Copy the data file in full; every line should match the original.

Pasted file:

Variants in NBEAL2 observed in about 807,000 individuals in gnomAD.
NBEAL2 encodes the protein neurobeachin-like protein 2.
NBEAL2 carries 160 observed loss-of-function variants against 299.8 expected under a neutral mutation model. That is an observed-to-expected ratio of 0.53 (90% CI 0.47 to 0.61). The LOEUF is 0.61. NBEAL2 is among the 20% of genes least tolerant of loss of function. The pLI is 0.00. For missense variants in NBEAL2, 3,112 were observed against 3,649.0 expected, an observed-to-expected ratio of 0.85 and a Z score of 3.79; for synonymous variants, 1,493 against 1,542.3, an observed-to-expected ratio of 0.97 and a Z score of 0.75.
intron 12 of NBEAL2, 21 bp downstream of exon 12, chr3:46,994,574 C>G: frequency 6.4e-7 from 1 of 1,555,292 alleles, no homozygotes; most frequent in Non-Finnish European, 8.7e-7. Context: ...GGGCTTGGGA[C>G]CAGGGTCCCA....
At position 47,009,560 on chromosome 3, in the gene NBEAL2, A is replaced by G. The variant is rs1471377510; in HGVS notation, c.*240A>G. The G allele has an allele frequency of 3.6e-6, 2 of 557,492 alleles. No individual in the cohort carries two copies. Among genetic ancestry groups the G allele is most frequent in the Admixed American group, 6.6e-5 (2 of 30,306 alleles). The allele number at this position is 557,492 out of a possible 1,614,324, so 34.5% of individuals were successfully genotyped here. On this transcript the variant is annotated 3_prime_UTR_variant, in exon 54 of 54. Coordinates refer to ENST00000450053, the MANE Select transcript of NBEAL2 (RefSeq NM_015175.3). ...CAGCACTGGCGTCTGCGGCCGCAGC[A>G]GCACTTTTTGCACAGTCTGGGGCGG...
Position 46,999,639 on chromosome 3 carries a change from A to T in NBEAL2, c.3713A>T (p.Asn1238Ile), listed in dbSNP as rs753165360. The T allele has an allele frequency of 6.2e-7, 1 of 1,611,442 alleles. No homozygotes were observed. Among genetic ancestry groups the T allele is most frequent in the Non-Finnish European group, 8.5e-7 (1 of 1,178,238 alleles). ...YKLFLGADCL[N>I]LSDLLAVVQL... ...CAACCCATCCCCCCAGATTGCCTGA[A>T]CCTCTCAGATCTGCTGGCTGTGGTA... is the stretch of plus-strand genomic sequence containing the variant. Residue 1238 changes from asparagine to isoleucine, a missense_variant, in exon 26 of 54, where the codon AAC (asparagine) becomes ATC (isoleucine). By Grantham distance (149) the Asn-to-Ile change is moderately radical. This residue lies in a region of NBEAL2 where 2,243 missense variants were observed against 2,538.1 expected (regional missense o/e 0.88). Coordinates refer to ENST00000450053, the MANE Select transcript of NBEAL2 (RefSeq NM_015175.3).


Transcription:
Variants in NBEAL2 observed in about 807,000 individuals in gnomAD.
NBEAL2 encodes the protein neurobeachin-like protein 2.
NBEAL2 carries 160 observed loss-of-function variants against 299.8 expected under a neutral mutation model. That is an observed-to-expected ratio of 0.53 (90% CI 0.47 to 0.61). The LOEUF is 0.61. NBEAL2 is among the 20% of genes least tolerant of loss of function. The pLI is 0.00. For missense variants in NBEAL2, 3,112 were observed against 3,649.0 expected, an observed-to-expected ratio of 0.85 and a Z score of 3.79; for synonymous variants, 1,493 against 1,542.3, an observed-to-expected ratio of 0.97 and a Z score of 0.75.
intron 12 of NBEAL2, 21 bp downstream of exon 12, chr3:46,994,574 C>G: frequency 6.4e-7 from 1 of 1,555,292 alleles, no homozygotes; most frequent in Non-Finnish European, 8.7e-7. Context: ...GGGCTTGGGA[C>G]CAGGGTCCCA....
At position 47,009,560 on chromosome 3, in the gene NBEAL2, A is replaced by G. The variant is rs1471377510; in HGVS notation, c.*240A>G. The G allele has an allele frequency of 3.6e-6, 2 of 557,492 alleles. No individual in the cohort carries two copies. Among genetic ancestry groups the G allele is most frequent in the Admixed American group, 6.6e-5 (2 of 30,306 alleles). The allele number at this position is 557,492 out of a possible 1,614,324, so 34.5% of individuals were successfully genotyped here. On this transcript the variant is annotated 3_prime_UTR_variant, in exon 54 of 54. Coordinates refer to ENST00000450053, the MANE Select transcript of NBEAL2 (RefSeq NM_015175.3). ...CAGCACTGGCGTCTGCGGCCGCAGC[A>G]GCACTTTTTGCACAGTCTGGGGCGG...
Position 46,999,639 on chromosome 3 carries a change from A to T in NBEAL2, c.3713A>T (p.Asn1238Ile), listed in dbSNP as rs753165360. The T allele has an allele frequency of 6.2e-7, 1 of 1,611,442 alleles. No homozygotes were observed. Among genetic ancestry groups the T allele is most frequent in the Non-Finnish European group, 8.5e-7 (1 of 1,178,238 alleles). ...YKLFLGADCL[N>I]LSDLLAVVQL... ...CAACCCATCCCCCCAGATTGCCTGA[A>T]CCTCTCAGATCTGCTGGCTGTGGTA... is the stretch of plus-strand genomic sequence containing the variant. Residue 1238 changes from asparagine to isoleucine, a missense_variant, in exon 26 of 54, where the codon AAC (asparagine) becomes ATC (isoleucine). By Grantham distance (149) the Asn-to-Ile change is moderately radical. This residue lies in a region of NBEAL2 where 2,243 missense variants were observed against 2,538.1 expected (regional missense o/e 0.88). Coordinates refer to ENST00000450053, the MANE Select transcript of NBEAL2 (RefSeq NM_015175.3).